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Identity Theft and the IRS

BY Diane Bauer, CPA
10/31/2013 - 1:57pm

As everyone knows, taking steps to prevent identity theft should be a routine part of our daily, monthly and annual financial affairs.  Everything from guarding your credit card and bank account numbers to checking your credit report regularly and taking care not to divulge your social security number unnecessarily are important things you can do to help prevent what can be a frustrating and time consuming situation.

Unfortunately, thieves are finding new and unique ways to illegally obtain funds at someone else’s expense.  Over the last several years, the IRS has experienced an increase in identity theft occurrences and has stepped up efforts to assist legitimate taxpayers that have become victims. 

One way taxpayers are becoming victims of identity theft occurs when an identity thief uses a legitimate taxpayer’s information to file a phony tax return. Generally, the identity thief will use a stolen social security number to file a fictitious tax return in an attempt to get a refund.  They will usually file early in tax season before the real taxpayer files.  The taxpayer may be unaware that this has happened until they attempt to file their return later in the season.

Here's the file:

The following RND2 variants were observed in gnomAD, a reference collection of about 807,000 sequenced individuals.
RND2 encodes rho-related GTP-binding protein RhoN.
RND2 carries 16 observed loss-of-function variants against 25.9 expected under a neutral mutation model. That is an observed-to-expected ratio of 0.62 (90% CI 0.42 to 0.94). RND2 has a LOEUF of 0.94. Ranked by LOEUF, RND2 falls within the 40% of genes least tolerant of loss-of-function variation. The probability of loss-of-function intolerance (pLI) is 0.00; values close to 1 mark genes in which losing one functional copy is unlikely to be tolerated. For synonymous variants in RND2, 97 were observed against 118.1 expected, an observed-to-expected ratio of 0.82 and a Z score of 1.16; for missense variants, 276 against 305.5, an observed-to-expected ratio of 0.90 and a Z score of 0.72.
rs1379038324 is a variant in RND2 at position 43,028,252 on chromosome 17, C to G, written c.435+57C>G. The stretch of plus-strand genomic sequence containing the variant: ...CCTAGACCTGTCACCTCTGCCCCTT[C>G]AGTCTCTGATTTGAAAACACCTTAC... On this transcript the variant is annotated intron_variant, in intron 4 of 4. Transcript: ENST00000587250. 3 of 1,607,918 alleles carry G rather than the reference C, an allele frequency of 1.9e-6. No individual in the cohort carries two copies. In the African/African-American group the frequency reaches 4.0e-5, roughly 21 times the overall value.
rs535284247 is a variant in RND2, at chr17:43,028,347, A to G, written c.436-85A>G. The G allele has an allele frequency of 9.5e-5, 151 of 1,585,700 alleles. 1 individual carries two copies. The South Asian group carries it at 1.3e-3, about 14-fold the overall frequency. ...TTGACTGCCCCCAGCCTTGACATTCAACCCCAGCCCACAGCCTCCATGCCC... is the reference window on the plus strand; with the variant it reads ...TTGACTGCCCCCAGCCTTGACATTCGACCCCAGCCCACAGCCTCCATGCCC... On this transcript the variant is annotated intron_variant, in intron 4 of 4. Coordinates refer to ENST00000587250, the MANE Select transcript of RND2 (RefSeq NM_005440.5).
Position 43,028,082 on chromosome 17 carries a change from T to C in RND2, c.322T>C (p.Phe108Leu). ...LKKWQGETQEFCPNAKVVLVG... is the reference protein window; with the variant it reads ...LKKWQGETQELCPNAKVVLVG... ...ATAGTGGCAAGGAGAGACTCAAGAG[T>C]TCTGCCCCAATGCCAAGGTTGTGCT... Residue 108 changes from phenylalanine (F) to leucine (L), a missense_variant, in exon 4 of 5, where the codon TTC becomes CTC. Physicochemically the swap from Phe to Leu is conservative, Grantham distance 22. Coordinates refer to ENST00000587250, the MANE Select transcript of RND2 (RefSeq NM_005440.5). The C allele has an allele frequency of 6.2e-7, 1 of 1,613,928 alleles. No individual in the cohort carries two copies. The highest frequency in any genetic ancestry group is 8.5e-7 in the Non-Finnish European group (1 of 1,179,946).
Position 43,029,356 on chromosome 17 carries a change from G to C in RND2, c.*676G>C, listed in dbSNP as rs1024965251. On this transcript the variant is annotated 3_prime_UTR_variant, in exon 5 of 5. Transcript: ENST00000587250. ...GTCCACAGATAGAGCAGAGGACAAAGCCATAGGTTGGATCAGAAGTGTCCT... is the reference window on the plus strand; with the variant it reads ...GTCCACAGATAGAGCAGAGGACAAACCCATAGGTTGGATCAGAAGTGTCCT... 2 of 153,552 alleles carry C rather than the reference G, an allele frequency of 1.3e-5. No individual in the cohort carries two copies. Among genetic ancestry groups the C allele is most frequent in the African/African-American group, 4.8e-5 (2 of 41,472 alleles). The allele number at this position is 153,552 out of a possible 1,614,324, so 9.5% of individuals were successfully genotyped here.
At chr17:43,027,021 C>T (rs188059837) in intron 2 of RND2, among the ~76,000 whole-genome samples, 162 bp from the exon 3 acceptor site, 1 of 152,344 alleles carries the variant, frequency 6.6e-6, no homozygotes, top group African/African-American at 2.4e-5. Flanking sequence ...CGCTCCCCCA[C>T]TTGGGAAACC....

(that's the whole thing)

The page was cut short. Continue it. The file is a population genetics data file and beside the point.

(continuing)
Even taxpayers who have not had their social security numbers used illegally may be affected by this.  The IRS recently mailed a notice to a client of ours that was expecting a refund and required them to call a special phone number and answer verification questions before they would finalize processing the return.  The IRS will “lock” a legitimate taxpayers account if they suspect identity theft has occurred and will not process the return until the issue has been resolved.

The IRS has a separate section on their website at, relating to this topic.  In addition to assistance for actual victims, they have tips for taxpayers to help protect themselves from becoming victims of identity theft in the first place. 

It is an unfortunate reality, but we all need to be vigilant with our personal information. Please be careful with your information, keep an eye on your elderly parents’ affairs and remember, the IRS does not initiate contact with taxpayers by email.  If you believe you are a victim of identity theft, contact the IRS Identity Protection Specialized Unit at 1-800-908-4490.

Be sure to share this article to make others aware of what can happen if you are not careful.